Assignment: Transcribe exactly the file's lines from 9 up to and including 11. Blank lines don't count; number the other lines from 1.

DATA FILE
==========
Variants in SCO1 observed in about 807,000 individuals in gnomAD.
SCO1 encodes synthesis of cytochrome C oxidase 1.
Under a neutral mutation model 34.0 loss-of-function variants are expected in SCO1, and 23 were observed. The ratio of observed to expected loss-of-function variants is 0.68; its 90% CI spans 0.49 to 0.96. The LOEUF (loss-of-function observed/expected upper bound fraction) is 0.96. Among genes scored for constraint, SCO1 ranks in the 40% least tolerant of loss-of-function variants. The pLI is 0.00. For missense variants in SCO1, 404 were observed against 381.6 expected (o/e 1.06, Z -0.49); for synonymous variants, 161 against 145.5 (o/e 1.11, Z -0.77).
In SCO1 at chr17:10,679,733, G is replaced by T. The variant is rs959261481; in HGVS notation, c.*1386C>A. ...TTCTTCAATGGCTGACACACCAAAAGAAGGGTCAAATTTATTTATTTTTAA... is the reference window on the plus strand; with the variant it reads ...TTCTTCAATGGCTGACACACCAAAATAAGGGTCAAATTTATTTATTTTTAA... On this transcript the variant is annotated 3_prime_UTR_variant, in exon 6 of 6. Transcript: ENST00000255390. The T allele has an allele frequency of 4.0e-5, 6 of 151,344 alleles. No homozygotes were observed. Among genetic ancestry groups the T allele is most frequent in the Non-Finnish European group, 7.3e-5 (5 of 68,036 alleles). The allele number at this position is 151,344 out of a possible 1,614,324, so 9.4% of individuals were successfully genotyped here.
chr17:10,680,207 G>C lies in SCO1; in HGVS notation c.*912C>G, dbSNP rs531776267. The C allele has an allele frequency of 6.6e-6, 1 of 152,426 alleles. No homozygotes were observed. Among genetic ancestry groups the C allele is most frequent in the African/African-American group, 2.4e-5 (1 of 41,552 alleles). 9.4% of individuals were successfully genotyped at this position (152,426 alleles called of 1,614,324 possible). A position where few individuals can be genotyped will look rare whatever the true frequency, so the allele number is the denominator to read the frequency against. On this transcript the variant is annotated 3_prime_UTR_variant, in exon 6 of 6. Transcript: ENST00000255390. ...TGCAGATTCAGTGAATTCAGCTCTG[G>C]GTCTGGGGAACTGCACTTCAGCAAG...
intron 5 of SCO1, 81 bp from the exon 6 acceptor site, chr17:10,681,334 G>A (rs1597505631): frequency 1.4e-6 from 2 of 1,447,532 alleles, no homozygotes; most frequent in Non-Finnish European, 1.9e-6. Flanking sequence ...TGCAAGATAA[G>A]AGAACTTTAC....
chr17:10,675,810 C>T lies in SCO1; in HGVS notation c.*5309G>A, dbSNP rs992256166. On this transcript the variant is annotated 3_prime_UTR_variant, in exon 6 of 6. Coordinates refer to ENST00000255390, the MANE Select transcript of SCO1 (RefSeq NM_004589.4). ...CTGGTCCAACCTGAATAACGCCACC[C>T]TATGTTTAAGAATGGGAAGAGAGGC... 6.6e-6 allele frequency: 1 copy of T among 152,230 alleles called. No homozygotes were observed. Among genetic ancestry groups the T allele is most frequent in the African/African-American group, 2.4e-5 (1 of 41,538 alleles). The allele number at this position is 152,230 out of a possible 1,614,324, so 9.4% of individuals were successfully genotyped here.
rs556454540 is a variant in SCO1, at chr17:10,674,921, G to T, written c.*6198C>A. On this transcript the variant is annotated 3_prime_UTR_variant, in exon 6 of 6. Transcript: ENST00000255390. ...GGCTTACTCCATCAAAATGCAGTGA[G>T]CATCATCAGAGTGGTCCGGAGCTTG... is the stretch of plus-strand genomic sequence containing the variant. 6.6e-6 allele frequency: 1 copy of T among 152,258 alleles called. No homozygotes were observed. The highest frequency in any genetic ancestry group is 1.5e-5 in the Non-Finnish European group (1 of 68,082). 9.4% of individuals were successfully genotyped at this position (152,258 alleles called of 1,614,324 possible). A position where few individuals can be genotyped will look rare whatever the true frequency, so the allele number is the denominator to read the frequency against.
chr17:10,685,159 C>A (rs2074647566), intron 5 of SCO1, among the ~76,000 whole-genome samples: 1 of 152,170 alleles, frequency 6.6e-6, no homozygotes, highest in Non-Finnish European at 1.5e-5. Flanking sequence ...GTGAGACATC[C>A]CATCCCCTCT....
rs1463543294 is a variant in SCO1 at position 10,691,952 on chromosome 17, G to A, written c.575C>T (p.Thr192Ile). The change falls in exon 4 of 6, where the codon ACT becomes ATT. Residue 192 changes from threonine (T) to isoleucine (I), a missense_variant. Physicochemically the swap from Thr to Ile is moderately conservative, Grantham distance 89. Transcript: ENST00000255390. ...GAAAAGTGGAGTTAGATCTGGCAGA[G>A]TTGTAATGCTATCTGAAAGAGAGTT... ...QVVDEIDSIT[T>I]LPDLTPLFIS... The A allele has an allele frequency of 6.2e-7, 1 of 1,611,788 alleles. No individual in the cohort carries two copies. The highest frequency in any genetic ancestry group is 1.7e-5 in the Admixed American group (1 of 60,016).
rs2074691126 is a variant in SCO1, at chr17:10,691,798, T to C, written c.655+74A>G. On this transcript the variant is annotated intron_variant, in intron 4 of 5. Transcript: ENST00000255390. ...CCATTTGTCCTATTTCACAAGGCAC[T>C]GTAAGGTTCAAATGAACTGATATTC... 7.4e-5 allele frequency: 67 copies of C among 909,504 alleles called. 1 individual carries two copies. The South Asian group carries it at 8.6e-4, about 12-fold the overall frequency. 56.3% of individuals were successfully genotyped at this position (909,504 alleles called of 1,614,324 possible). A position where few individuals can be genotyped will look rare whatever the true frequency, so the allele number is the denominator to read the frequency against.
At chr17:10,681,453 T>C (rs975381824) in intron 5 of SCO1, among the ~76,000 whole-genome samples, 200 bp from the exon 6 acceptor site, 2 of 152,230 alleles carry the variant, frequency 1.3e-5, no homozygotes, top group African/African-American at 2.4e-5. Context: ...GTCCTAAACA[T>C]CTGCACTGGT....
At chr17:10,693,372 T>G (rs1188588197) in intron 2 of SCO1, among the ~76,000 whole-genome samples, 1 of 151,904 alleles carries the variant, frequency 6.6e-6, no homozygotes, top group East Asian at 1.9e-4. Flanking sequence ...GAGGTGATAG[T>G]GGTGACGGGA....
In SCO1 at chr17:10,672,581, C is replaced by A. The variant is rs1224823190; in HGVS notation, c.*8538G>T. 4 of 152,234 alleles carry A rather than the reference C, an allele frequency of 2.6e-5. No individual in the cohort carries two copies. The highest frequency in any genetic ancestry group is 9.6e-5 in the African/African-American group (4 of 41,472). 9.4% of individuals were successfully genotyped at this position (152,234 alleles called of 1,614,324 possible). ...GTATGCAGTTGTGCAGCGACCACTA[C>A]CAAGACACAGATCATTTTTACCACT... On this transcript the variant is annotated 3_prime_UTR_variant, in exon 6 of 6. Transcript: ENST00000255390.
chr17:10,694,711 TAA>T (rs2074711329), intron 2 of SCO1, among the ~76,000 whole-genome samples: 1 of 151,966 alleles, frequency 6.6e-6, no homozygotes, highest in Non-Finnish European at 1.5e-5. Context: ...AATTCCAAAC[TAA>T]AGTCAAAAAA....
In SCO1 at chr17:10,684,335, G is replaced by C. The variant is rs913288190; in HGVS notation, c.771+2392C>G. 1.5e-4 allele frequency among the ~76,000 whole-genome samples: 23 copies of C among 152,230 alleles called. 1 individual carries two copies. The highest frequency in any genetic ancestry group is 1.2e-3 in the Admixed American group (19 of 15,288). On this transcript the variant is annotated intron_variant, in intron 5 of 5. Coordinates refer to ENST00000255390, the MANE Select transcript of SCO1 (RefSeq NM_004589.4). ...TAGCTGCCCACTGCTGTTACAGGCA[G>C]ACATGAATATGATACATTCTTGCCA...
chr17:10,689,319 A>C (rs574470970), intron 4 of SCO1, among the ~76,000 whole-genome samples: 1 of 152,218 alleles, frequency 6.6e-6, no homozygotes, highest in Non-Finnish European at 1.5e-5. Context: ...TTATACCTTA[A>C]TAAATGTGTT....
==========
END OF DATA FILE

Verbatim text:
chr17:10,685,159 C>A (rs2074647566), intron 5 of SCO1, among the ~76,000 whole-genome samples: 1 of 152,170 alleles, frequency 6.6e-6, no homozygotes, highest in Non-Finnish European at 1.5e-5. Flanking sequence ...GTGAGACATC[C>A]CATCCCCTCT....
rs1463543294 is a variant in SCO1 at position 10,691,952 on chromosome 17, G to A, written c.575C>T (p.Thr192Ile). The change falls in exon 4 of 6, where the codon ACT becomes ATT. Residue 192 changes from threonine (T) to isoleucine (I), a missense_variant. Physicochemically the swap from Thr to Ile is moderately conservative, Grantham distance 89. Transcript: ENST00000255390. ...GAAAAGTGGAGTTAGATCTGGCAGA[G>A]TTGTAATGCTATCTGAAAGAGAGTT... ...QVVDEIDSIT[T>I]LPDLTPLFIS... The A allele has an allele frequency of 6.2e-7, 1 of 1,611,788 alleles. No individual in the cohort carries two copies. The highest frequency in any genetic ancestry group is 1.7e-5 in the Admixed American group (1 of 60,016).
rs2074691126 is a variant in SCO1, at chr17:10,691,798, T to C, written c.655+74A>G. On this transcript the variant is annotated intron_variant, in intron 4 of 5. Transcript: ENST00000255390. ...CCATTTGTCCTATTTCACAAGGCAC[T>C]GTAAGGTTCAAATGAACTGATATTC... 7.4e-5 allele frequency: 67 copies of C among 909,504 alleles called. 1 individual carries two copies. The South Asian group carries it at 8.6e-4, about 12-fold the overall frequency. 56.3% of individuals were successfully genotyped at this position (909,504 alleles called of 1,614,324 possible). A position where few individuals can be genotyped will look rare whatever the true frequency, so the allele number is the denominator to read the frequency against.